Figure 4 - Thematic Map

Figure 4: Thematic Map of how concepts expressed are shifting through the years. Click to enlarge; see article for (fairly technical) discussion.

Barello-et-al-Figure-5 new model

Figure 5: Potential guidelines for planning and developing interventions to foster patient engagement. (Patient-provider relationship; system and healthcare organizations; patient as community member and peer-to-peer healthcare) Click to enlarge.

An article of importance to our movement appeared in June, in our Journal of Participatory Medicine. It’s an analysis of twelve years of literature about patient engagement, documenting what words people used, what context they appeared in, and (perhaps most importantly) how the language has shifted – a sign of cultural evolution. Finally, the article proposes a framework for measuring how engagement is progressing on three levels.

The article is The Challenges of Conceptualizing Patient Engagement in Health Care: A Lexicographic Literature Review, by Barella et al, at Università Cattolica del Sacro Cuore (Catholic University of the Sacred Heart), Milan. Its reading level and psychological vocabulary are beyond me personally, but I can understand enough to want more exploration (and more customer-friendly explanations!)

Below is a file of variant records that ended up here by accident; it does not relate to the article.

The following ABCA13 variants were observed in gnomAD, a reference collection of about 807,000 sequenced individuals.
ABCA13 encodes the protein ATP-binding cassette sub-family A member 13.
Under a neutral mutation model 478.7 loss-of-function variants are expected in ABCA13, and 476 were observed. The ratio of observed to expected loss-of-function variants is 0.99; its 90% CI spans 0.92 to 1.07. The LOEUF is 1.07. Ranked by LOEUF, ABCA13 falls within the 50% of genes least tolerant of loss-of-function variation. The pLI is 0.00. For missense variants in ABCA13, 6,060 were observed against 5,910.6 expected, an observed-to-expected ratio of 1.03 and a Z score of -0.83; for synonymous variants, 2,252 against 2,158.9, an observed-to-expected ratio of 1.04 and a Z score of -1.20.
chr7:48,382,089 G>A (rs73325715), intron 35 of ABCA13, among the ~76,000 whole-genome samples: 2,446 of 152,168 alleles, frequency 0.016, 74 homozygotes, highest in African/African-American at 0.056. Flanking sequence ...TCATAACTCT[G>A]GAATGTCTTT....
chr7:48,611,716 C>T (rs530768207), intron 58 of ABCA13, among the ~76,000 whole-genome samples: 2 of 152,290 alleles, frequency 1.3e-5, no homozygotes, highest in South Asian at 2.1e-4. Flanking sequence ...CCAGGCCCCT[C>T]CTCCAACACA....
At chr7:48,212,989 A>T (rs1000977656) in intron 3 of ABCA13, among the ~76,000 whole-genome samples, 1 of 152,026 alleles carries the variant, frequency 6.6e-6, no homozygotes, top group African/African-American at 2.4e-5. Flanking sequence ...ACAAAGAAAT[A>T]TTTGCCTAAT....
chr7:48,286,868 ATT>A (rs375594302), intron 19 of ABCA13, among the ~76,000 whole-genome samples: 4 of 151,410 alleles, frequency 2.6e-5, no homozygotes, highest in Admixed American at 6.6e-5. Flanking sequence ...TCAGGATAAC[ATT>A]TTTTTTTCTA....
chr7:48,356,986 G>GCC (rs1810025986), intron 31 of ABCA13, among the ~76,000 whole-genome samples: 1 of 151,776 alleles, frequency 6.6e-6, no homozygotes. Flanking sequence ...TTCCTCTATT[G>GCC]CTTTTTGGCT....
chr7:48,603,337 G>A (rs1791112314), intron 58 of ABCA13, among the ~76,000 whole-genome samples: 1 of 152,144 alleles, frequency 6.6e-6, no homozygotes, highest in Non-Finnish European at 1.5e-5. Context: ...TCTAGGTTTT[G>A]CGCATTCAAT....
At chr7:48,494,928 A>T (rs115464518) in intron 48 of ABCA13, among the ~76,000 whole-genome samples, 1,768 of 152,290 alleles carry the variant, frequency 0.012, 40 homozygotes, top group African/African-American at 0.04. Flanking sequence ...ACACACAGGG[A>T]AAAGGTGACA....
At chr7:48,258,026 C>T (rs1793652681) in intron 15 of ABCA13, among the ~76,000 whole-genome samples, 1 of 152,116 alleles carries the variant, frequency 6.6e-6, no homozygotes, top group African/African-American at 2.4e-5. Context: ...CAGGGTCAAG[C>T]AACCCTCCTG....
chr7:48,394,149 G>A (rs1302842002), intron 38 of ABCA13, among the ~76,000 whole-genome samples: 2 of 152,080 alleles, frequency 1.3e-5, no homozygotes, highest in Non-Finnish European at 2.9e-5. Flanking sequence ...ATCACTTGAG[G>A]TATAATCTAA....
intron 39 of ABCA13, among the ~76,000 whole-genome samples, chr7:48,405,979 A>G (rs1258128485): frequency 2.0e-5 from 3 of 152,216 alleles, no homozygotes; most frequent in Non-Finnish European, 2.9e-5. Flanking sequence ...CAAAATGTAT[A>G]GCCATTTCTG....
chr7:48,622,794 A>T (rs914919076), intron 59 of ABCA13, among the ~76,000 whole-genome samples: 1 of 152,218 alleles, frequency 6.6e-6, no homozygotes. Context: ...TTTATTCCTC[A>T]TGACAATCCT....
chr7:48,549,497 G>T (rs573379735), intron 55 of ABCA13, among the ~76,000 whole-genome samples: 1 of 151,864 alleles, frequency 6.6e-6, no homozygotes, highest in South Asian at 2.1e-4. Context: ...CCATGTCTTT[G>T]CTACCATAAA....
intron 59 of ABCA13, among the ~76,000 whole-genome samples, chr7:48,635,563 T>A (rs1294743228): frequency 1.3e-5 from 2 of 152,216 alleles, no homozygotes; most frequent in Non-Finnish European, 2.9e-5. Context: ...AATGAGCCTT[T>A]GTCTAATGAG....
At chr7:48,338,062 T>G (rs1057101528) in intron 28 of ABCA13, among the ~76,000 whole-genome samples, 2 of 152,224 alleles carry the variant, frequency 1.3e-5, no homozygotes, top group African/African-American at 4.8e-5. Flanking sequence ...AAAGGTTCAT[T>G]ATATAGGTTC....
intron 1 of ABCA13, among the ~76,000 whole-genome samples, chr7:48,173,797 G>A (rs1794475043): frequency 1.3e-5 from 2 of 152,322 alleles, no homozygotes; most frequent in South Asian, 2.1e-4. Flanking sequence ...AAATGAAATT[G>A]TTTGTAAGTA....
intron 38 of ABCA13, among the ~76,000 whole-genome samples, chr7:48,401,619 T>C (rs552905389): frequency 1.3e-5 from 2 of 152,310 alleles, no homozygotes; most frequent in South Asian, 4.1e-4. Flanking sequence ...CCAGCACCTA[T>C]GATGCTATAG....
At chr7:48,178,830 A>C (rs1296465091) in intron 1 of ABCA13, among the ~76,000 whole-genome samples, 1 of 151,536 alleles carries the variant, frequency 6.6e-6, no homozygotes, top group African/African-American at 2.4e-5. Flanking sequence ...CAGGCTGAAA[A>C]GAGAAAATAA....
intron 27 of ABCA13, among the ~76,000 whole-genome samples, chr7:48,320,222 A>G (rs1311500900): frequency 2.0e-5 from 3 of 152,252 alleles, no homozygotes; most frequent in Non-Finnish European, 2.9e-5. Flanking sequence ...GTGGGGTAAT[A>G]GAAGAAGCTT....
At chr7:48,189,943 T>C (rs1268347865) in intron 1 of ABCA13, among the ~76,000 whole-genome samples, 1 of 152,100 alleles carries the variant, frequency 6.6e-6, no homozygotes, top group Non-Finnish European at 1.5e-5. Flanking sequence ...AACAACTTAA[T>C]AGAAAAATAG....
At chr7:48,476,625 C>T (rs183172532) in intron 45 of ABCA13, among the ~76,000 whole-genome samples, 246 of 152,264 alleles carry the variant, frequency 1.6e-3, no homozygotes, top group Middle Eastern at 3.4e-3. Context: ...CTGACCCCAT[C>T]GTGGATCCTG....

As far as I know, this is the first comprehensive study that looks at what people have been saying, and what they mean, when they’re talking about patient engagement. That’s important when you’re trying to shift culture, as our Society is, because culture lives in language. If you want change but you don’t know what people are saying, and what they mean, you can’t possibly speak effectively and suggest that people think (and speak) differently.

From the end of the introduction:

…this study reviews academic papers that attempted to define this concept. We aimed to:

  1. Underline differences in the conceptual definitions related to the disciplinary domains in which the term patient engagement is used.
  2. Detect changes in patient engagement definitions during the last 12 years.

In this post I’m just drawing attention to the article as a sign of the maturing of the field of participatory medicine. I’ll eagerly await further discussion among sociologists and psychologists who know lexical and linguistic things better than I.  Comments within those specialities should go on JoPM, so other scientists reading there will see them.